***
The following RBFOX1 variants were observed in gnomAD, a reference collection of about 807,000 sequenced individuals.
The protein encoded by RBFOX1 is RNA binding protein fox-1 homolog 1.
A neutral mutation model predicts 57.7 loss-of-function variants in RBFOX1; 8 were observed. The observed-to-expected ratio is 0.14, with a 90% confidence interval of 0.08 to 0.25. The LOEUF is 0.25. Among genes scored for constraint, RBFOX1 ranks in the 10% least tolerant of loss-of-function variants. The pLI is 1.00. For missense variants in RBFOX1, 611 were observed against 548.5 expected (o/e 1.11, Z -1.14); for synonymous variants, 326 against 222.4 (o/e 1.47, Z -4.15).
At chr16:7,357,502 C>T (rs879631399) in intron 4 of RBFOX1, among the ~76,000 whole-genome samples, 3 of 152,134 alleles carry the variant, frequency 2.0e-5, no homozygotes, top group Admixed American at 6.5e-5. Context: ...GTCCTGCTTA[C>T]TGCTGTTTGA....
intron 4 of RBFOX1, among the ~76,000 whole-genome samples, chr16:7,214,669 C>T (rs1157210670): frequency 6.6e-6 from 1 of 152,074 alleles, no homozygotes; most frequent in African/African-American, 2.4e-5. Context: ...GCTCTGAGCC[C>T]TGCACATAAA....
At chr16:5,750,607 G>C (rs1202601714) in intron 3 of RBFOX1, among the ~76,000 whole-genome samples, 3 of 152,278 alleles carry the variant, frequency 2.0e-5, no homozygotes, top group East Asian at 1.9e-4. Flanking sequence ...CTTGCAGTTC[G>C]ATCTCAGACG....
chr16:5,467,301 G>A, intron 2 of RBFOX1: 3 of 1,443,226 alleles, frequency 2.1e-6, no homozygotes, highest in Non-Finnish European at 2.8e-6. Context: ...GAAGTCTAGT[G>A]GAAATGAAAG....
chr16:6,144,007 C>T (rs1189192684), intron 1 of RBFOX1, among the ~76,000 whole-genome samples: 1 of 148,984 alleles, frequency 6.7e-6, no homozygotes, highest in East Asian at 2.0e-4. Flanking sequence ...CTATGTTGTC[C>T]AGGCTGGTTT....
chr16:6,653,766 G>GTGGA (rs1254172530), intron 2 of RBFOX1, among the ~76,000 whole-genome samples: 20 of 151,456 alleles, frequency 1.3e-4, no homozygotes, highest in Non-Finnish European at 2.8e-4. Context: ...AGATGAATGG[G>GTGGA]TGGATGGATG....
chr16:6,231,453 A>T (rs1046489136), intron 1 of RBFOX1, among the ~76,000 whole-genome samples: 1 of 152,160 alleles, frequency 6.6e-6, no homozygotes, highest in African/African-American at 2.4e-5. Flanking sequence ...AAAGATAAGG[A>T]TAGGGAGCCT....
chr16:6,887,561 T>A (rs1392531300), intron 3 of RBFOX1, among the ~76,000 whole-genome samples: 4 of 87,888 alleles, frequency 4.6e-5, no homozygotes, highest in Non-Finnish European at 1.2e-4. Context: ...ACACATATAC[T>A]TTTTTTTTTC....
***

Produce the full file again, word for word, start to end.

The following RBFOX1 variants were observed in gnomAD, a reference collection of about 807,000 sequenced individuals.
The protein encoded by RBFOX1 is RNA binding protein fox-1 homolog 1.
A neutral mutation model predicts 57.7 loss-of-function variants in RBFOX1; 8 were observed. The observed-to-expected ratio is 0.14, with a 90% confidence interval of 0.08 to 0.25. The LOEUF is 0.25. Among genes scored for constraint, RBFOX1 ranks in the 10% least tolerant of loss-of-function variants. The pLI is 1.00. For missense variants in RBFOX1, 611 were observed against 548.5 expected (o/e 1.11, Z -1.14); for synonymous variants, 326 against 222.4 (o/e 1.47, Z -4.15).
At chr16:7,357,502 C>T (rs879631399) in intron 4 of RBFOX1, among the ~76,000 whole-genome samples, 3 of 152,134 alleles carry the variant, frequency 2.0e-5, no homozygotes, top group Admixed American at 6.5e-5. Context: ...GTCCTGCTTA[C>T]TGCTGTTTGA....
intron 4 of RBFOX1, among the ~76,000 whole-genome samples, chr16:7,214,669 C>T (rs1157210670): frequency 6.6e-6 from 1 of 152,074 alleles, no homozygotes; most frequent in African/African-American, 2.4e-5. Context: ...GCTCTGAGCC[C>T]TGCACATAAA....
At chr16:5,750,607 G>C (rs1202601714) in intron 3 of RBFOX1, among the ~76,000 whole-genome samples, 3 of 152,278 alleles carry the variant, frequency 2.0e-5, no homozygotes, top group East Asian at 1.9e-4. Flanking sequence ...CTTGCAGTTC[G>C]ATCTCAGACG....
chr16:5,467,301 G>A, intron 2 of RBFOX1: 3 of 1,443,226 alleles, frequency 2.1e-6, no homozygotes, highest in Non-Finnish European at 2.8e-6. Context: ...GAAGTCTAGT[G>A]GAAATGAAAG....
chr16:6,144,007 C>T (rs1189192684), intron 1 of RBFOX1, among the ~76,000 whole-genome samples: 1 of 148,984 alleles, frequency 6.7e-6, no homozygotes, highest in East Asian at 2.0e-4. Flanking sequence ...CTATGTTGTC[C>T]AGGCTGGTTT....
chr16:6,653,766 G>GTGGA (rs1254172530), intron 2 of RBFOX1, among the ~76,000 whole-genome samples: 20 of 151,456 alleles, frequency 1.3e-4, no homozygotes, highest in Non-Finnish European at 2.8e-4. Context: ...AGATGAATGG[G>GTGGA]TGGATGGATG....
chr16:6,231,453 A>T (rs1046489136), intron 1 of RBFOX1, among the ~76,000 whole-genome samples: 1 of 152,160 alleles, frequency 6.6e-6, no homozygotes, highest in African/African-American at 2.4e-5. Flanking sequence ...AAAGATAAGG[A>T]TAGGGAGCCT....
chr16:6,887,561 T>A (rs1392531300), intron 3 of RBFOX1, among the ~76,000 whole-genome samples: 4 of 87,888 alleles, frequency 4.6e-5, no homozygotes, highest in Non-Finnish European at 1.2e-4. Context: ...ACACATATAC[T>A]TTTTTTTTTC....